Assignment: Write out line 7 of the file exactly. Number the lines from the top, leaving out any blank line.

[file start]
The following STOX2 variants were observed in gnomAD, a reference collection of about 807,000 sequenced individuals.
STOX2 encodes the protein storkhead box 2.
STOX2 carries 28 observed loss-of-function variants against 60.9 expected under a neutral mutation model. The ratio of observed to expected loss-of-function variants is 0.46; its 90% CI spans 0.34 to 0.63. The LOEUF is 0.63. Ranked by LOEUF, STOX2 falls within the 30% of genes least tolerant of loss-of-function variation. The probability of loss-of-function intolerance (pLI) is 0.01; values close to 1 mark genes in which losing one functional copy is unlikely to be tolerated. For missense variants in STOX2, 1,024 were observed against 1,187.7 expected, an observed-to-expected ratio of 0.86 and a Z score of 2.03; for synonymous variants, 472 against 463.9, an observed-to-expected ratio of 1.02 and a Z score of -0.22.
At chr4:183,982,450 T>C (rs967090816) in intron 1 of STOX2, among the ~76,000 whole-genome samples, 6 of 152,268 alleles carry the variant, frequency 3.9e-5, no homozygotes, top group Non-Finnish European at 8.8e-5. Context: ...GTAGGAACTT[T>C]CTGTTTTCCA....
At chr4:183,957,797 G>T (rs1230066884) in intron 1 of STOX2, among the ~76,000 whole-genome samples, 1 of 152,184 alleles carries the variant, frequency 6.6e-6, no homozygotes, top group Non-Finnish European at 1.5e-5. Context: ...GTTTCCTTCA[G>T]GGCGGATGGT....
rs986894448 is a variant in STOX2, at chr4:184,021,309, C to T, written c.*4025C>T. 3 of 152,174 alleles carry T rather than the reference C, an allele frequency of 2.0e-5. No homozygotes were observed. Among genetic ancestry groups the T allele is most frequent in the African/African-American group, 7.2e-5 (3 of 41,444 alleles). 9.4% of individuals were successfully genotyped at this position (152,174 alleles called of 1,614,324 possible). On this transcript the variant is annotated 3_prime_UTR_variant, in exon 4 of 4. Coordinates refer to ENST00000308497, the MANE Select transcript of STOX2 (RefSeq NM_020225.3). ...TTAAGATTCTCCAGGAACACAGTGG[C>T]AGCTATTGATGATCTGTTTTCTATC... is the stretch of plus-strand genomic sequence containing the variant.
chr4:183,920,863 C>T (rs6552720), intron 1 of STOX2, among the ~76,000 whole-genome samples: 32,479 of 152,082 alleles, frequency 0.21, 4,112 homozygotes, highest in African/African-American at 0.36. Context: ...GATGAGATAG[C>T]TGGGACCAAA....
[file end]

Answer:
chr4:183,920,863 C>T (rs6552720), intron 1 of STOX2, among the ~76,000 whole-genome samples: 32,479 of 152,082 alleles, frequency 0.21, 4,112 homozygotes, highest in African/African-American at 0.36. Context: ...GATGAGATAG[C>T]TGGGACCAAA....